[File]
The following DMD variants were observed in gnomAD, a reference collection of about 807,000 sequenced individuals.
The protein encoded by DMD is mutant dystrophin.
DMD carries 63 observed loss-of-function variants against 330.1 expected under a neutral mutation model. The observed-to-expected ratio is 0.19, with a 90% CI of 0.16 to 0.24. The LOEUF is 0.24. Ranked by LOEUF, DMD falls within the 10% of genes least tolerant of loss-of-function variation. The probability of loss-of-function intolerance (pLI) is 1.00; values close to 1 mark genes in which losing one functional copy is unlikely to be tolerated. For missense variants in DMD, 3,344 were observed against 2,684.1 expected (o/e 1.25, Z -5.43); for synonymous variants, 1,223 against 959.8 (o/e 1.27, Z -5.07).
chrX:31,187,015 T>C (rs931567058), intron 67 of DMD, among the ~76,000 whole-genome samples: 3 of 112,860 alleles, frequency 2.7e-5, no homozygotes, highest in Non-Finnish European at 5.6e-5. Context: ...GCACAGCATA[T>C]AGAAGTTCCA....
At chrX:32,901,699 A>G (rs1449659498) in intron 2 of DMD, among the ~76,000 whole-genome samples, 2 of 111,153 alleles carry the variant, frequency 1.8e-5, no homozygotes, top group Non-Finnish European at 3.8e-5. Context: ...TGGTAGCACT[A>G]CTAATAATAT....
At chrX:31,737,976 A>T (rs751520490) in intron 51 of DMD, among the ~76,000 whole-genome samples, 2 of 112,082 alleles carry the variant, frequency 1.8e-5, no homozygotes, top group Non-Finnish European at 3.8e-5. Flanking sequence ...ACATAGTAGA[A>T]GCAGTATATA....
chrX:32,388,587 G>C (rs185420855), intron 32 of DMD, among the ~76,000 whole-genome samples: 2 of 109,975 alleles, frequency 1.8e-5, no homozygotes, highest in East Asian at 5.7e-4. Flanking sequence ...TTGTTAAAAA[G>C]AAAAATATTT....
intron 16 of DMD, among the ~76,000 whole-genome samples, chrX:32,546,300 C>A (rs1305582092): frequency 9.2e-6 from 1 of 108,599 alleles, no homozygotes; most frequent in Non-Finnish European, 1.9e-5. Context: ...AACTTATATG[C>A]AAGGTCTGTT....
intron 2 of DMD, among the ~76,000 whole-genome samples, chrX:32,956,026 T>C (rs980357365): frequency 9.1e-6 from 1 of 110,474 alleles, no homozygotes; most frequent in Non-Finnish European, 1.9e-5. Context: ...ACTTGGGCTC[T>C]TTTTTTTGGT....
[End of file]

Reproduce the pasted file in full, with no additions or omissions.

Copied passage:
The following DMD variants were observed in gnomAD, a reference collection of about 807,000 sequenced individuals.
The protein encoded by DMD is mutant dystrophin.
DMD carries 63 observed loss-of-function variants against 330.1 expected under a neutral mutation model. The observed-to-expected ratio is 0.19, with a 90% CI of 0.16 to 0.24. The LOEUF is 0.24. Ranked by LOEUF, DMD falls within the 10% of genes least tolerant of loss-of-function variation. The probability of loss-of-function intolerance (pLI) is 1.00; values close to 1 mark genes in which losing one functional copy is unlikely to be tolerated. For missense variants in DMD, 3,344 were observed against 2,684.1 expected (o/e 1.25, Z -5.43); for synonymous variants, 1,223 against 959.8 (o/e 1.27, Z -5.07).
chrX:31,187,015 T>C (rs931567058), intron 67 of DMD, among the ~76,000 whole-genome samples: 3 of 112,860 alleles, frequency 2.7e-5, no homozygotes, highest in Non-Finnish European at 5.6e-5. Context: ...GCACAGCATA[T>C]AGAAGTTCCA....
At chrX:32,901,699 A>G (rs1449659498) in intron 2 of DMD, among the ~76,000 whole-genome samples, 2 of 111,153 alleles carry the variant, frequency 1.8e-5, no homozygotes, top group Non-Finnish European at 3.8e-5. Context: ...TGGTAGCACT[A>G]CTAATAATAT....
At chrX:31,737,976 A>T (rs751520490) in intron 51 of DMD, among the ~76,000 whole-genome samples, 2 of 112,082 alleles carry the variant, frequency 1.8e-5, no homozygotes, top group Non-Finnish European at 3.8e-5. Flanking sequence ...ACATAGTAGA[A>T]GCAGTATATA....
chrX:32,388,587 G>C (rs185420855), intron 32 of DMD, among the ~76,000 whole-genome samples: 2 of 109,975 alleles, frequency 1.8e-5, no homozygotes, highest in East Asian at 5.7e-4. Flanking sequence ...TTGTTAAAAA[G>C]AAAAATATTT....
intron 16 of DMD, among the ~76,000 whole-genome samples, chrX:32,546,300 C>A (rs1305582092): frequency 9.2e-6 from 1 of 108,599 alleles, no homozygotes; most frequent in Non-Finnish European, 1.9e-5. Context: ...AACTTATATG[C>A]AAGGTCTGTT....
intron 2 of DMD, among the ~76,000 whole-genome samples, chrX:32,956,026 T>C (rs980357365): frequency 9.1e-6 from 1 of 110,474 alleles, no homozygotes; most frequent in Non-Finnish European, 1.9e-5. Context: ...ACTTGGGCTC[T>C]TTTTTTTGGT....